*For more insights about strong classroom instruction, head over to the Edthena blog.
Watch this #PLtogether Lounge Talk with Natalie Wexler for what to remember when implementing a schoolwide curriculum for content knowledge building.
You can find the full transcript below:
– Welcome to PLtogether Lounge Talks. I’m Adam Geller, founder and CEO. Today, we’re talking with Natalie Wexler. She’s an education journalist and author of “The Knowledge Gap: The Hidden Cause of America’s Broken Education System and How to Fix it.” Today, we’re talking about literacy and equity and translating that to schools. Natalie, thanks so much for joining us.
– Thanks for having me.
– Well, I want to continue our conversation about literacy and what teachers should be doing or could be doing but through the lens of the school leader and how they can support teachers. So there’s a lot out there trying to wrap their hands around, is this science of reading? Is this the right thing? Is this the wrong thing? But when a school leader comes to you, how do you help them break down the problem? And I’ve heard you say the why, the what, the how, but what does that even mean at a big picture?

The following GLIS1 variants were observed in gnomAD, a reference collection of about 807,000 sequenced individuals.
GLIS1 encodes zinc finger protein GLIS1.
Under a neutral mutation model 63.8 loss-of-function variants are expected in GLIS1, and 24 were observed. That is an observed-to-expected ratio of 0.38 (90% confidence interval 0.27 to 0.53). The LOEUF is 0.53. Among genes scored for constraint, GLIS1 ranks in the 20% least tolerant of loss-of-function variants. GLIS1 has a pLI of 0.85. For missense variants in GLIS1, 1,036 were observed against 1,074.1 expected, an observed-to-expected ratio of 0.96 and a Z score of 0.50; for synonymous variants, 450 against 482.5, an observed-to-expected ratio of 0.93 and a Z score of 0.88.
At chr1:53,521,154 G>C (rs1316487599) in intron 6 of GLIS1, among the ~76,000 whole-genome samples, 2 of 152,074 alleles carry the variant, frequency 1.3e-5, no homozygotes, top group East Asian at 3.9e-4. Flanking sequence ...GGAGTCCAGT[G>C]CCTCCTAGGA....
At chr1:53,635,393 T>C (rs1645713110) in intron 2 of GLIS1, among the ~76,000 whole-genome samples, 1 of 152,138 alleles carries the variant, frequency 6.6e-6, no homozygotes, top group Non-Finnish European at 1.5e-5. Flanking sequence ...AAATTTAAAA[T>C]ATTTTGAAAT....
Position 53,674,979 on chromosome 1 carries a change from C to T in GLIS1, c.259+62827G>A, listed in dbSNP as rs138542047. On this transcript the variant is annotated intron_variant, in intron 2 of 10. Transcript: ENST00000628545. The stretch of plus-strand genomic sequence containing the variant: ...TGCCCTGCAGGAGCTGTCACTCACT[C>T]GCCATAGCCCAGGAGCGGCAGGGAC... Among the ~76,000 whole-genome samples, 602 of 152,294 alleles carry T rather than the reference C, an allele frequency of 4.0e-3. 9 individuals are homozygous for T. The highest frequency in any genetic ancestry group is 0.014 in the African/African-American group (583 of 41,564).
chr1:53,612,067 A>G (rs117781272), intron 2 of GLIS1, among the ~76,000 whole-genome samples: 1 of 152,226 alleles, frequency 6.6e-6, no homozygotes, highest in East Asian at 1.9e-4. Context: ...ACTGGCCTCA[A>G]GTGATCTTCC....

– Yeah, and I just wanna say school leaders are critical to this kind of change because individual teachers there is much they can do to build knowledge for their students, but there’s a limit because building knowledge is a gradual cumulative process that extends across grade levels and not limited to one school year. And no individual teacher has control over what happens in other grade levels. And ideally, this is gonna be a logical sequence of knowledge so that when you’re in 5th grade and you’re expected to learn about the American revolution, you already have learned about the American colonies and that kind of thing. And so it’s really administrators, policymakers who hold the key to solving this problem. But it’s not that simple always because this kind of approach that focuses on content over just sort of abstract comprehension skills and strategies and building knowledge in a logical sequence it’s gonna be very different from what most teachers are used to and very different from what they’ve heard about during their training, et cetera. So it’s not just a matter of adopting a coherent knowledge building curriculum but that is a crucial factor. But I would start with the why, why is change necessary? Because change is hard and if teachers don’t understand why they’re being asked to change they may not go along. So you don’t have to spend years explaining the why. But I think a certain minimum level of being introduced to what the evidence says about how comprehension actually works and why just focusing on disembodied skills and strategies is not going to be able to move the needle much for many kids, I think that’s important. Secondly, the what, the instructional materials, the curriculum, that is going to give teachers the content they’ll be teaching rather than them having to go online on a Sunday night and quickly try to get things together. That’s a huge burden on them. And it’s also likely not to be very coherent and unfolding in a logical order. So the what, the curriculum is extremely important. But in addition, there is as you mentioned, the how, which is how do you teach these materials in the best way for your particular students, adapting them to the needs of your students? And for that, many teachers will need some guidance. And that could look like coaching delivered by someone who really does understand the curriculum and why it’s put together the way it is. And also collaboration among teachers can be very useful. So that kind of support will help teachers overcome what may be significant obstacles to changing to this kind of approach. Because first of all, if you’re hearing it’s important to build knowledge and make skills sort of secondary, that might contradict everything you’ve ever heard and it’s natural to be skeptical of a message that contradicts everything you’ve ever heard. And then there could be emotional obstacles as well because if you’ve been teaching in a certain way for years in a sincere belief that you’re helping kids and someone comes along and suggests that actually maybe you’re not, now, it’s not anybody’s fault, but that can make you feel guilty. And we are all as human beings likely to raise defenses against taking in that kind of painful message. So these are things that need to be born in mind that this is probably not going to be a change that happens overnight and it is gonna take support and patience in most instances.